Midlife obesity was associated with higher mortality even when BMI was normal in early adulthood. This highlights the importance of weight management throughout adulthood. Prolonged borderline obesity was also associated with elevated risk of death from all-causes and obesity-related cancers relative to maintaining lower-normal BMI across adulthood. Since chronic obesity will likely be a major health issue for future generations, policies and prevention programmes are needed to target obesity starting early in life.
YY is supported by a Melbourne Research Scholarship from the University of Melbourne. BL is supported by a fellowship from the National Breast Cancer Foundation (ECF-15-012). Cohort recruitment of the MCCS was funded by Cancer Council Victoria (http://www.cancervic.org.au/) and VicHealth (http://www.vichealth.vic.gov.au/). The MCCS was further supported by grants 209057, 251553 and 504711 from the Australian National Health and Medical Research Council (NHMRC) (http://www.nhmrc.gov.au/) and ongoing follow-up and data management has been funded by Cancer Council Victoria since 1995.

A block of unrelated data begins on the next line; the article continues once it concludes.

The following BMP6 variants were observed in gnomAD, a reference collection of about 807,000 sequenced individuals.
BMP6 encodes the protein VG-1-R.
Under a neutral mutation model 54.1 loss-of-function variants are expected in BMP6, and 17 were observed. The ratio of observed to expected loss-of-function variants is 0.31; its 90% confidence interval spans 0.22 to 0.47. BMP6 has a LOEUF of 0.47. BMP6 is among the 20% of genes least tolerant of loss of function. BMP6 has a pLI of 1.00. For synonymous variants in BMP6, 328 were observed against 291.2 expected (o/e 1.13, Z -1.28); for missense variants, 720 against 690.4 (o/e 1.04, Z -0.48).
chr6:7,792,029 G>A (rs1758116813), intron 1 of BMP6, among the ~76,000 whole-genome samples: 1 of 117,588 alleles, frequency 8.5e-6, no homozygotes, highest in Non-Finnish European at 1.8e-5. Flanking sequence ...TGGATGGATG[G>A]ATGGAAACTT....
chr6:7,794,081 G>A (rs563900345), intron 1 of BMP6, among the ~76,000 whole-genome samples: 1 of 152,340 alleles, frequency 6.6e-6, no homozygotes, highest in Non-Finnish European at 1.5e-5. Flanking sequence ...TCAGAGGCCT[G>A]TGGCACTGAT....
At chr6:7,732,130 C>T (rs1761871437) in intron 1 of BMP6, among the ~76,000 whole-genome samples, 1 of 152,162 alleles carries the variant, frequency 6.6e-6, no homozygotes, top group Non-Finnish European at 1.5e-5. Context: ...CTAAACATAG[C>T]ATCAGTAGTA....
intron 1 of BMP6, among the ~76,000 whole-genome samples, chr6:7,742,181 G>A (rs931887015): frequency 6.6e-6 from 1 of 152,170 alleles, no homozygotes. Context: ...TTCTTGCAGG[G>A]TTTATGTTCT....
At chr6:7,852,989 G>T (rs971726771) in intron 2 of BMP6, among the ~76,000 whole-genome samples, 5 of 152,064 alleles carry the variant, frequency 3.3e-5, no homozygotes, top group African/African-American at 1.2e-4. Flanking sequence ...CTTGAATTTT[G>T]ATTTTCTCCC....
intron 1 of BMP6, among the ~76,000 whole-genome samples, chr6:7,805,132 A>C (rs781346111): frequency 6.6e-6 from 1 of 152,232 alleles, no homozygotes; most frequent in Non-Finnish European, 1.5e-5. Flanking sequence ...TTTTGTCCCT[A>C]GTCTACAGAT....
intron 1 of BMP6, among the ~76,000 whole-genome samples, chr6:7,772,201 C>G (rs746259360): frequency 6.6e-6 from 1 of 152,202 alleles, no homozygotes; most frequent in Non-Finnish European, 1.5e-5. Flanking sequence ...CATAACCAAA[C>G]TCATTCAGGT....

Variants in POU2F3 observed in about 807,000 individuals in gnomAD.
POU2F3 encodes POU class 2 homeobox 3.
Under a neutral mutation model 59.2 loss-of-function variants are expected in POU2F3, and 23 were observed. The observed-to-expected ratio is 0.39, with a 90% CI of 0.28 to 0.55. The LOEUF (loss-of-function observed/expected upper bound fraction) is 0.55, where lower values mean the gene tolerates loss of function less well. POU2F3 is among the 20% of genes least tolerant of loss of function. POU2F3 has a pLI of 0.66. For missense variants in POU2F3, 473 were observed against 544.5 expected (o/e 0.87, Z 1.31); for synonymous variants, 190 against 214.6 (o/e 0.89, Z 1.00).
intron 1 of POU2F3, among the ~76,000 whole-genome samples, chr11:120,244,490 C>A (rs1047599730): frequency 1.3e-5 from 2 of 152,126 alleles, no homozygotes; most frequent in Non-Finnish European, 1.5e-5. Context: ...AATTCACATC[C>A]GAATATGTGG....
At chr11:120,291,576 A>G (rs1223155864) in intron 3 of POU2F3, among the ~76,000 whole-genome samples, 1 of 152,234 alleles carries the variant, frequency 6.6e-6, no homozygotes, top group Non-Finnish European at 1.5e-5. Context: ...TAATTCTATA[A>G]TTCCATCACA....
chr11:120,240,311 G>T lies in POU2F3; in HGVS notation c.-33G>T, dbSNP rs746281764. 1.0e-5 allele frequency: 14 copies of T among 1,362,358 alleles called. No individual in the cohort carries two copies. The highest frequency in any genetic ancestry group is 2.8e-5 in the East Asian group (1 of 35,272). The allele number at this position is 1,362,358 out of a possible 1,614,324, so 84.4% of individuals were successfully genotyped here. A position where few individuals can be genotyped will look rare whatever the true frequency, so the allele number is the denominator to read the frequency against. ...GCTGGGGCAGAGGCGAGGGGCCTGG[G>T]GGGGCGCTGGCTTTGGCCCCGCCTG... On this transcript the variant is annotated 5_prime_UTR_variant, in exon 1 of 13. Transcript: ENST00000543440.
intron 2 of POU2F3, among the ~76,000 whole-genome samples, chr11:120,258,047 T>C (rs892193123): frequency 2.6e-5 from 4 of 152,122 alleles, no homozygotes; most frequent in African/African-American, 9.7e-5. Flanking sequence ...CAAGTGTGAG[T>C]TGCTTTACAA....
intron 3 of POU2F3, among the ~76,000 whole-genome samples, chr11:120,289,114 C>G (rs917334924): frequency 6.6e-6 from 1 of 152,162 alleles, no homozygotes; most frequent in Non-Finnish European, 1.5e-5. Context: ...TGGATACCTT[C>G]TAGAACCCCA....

Contributors YY, PAD, BL, AH and DRE conceived and planned the project. YY performed the statistical analyses and drafted the manuscript with support from PAD, BL, AH and DRE. AK, RMI, RM and GGG provided critical feedback and helped shape the research, analysis and the final manuscript. GGG conceived the overall study. All authors approved the final manuscript.
Funding YY is supported by a Melbourne Research Scholarship from the University of Melbourne. BML is supported by a fellowship from the National Breast Cancer Foundation (ECF-15-012).
Competing interests None declared.
Patient consent for publication Not required.
Ethics approval The research protocol was approved by Cancer Council Victoria’s Human Research Ethics Committee.
Provenance and peer review Not commissioned; externally peer reviewed.
Data availability statement All data relevant to the study are included in the article or uploaded as supplementary information.